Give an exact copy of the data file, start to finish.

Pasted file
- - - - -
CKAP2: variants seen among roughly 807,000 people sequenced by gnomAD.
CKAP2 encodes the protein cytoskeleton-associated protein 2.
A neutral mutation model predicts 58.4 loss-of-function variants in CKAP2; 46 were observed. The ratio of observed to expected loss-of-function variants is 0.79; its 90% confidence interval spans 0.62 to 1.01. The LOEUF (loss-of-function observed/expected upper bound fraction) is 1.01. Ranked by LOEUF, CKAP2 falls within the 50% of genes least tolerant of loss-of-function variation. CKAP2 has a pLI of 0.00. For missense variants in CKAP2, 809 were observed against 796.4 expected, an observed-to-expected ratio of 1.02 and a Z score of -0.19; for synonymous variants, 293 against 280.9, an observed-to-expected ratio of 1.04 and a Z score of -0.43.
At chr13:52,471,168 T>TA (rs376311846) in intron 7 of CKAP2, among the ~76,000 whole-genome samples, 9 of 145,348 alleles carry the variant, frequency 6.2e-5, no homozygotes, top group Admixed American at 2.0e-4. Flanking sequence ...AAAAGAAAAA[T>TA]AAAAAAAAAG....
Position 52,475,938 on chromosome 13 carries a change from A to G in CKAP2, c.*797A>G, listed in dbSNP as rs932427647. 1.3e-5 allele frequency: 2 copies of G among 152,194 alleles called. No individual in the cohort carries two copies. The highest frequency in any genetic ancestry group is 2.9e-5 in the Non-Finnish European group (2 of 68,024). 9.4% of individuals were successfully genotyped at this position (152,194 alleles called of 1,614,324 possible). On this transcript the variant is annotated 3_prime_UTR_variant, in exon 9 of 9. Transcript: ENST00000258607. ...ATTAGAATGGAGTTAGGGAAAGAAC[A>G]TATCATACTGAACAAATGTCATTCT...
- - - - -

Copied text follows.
CKAP2: variants seen among roughly 807,000 people sequenced by gnomAD.
CKAP2 encodes the protein cytoskeleton-associated protein 2.
A neutral mutation model predicts 58.4 loss-of-function variants in CKAP2; 46 were observed. The ratio of observed to expected loss-of-function variants is 0.79; its 90% confidence interval spans 0.62 to 1.01. The LOEUF (loss-of-function observed/expected upper bound fraction) is 1.01. Ranked by LOEUF, CKAP2 falls within the 50% of genes least tolerant of loss-of-function variation. CKAP2 has a pLI of 0.00. For missense variants in CKAP2, 809 were observed against 796.4 expected, an observed-to-expected ratio of 1.02 and a Z score of -0.19; for synonymous variants, 293 against 280.9, an observed-to-expected ratio of 1.04 and a Z score of -0.43.
At chr13:52,471,168 T>TA (rs376311846) in intron 7 of CKAP2, among the ~76,000 whole-genome samples, 9 of 145,348 alleles carry the variant, frequency 6.2e-5, no homozygotes, top group Admixed American at 2.0e-4. Flanking sequence ...AAAAGAAAAA[T>TA]AAAAAAAAAG....
Position 52,475,938 on chromosome 13 carries a change from A to G in CKAP2, c.*797A>G, listed in dbSNP as rs932427647. 1.3e-5 allele frequency: 2 copies of G among 152,194 alleles called. No individual in the cohort carries two copies. The highest frequency in any genetic ancestry group is 2.9e-5 in the Non-Finnish European group (2 of 68,024). 9.4% of individuals were successfully genotyped at this position (152,194 alleles called of 1,614,324 possible). On this transcript the variant is annotated 3_prime_UTR_variant, in exon 9 of 9. Transcript: ENST00000258607. ...ATTAGAATGGAGTTAGGGAAAGAAC[A>G]TATCATACTGAACAAATGTCATTCT...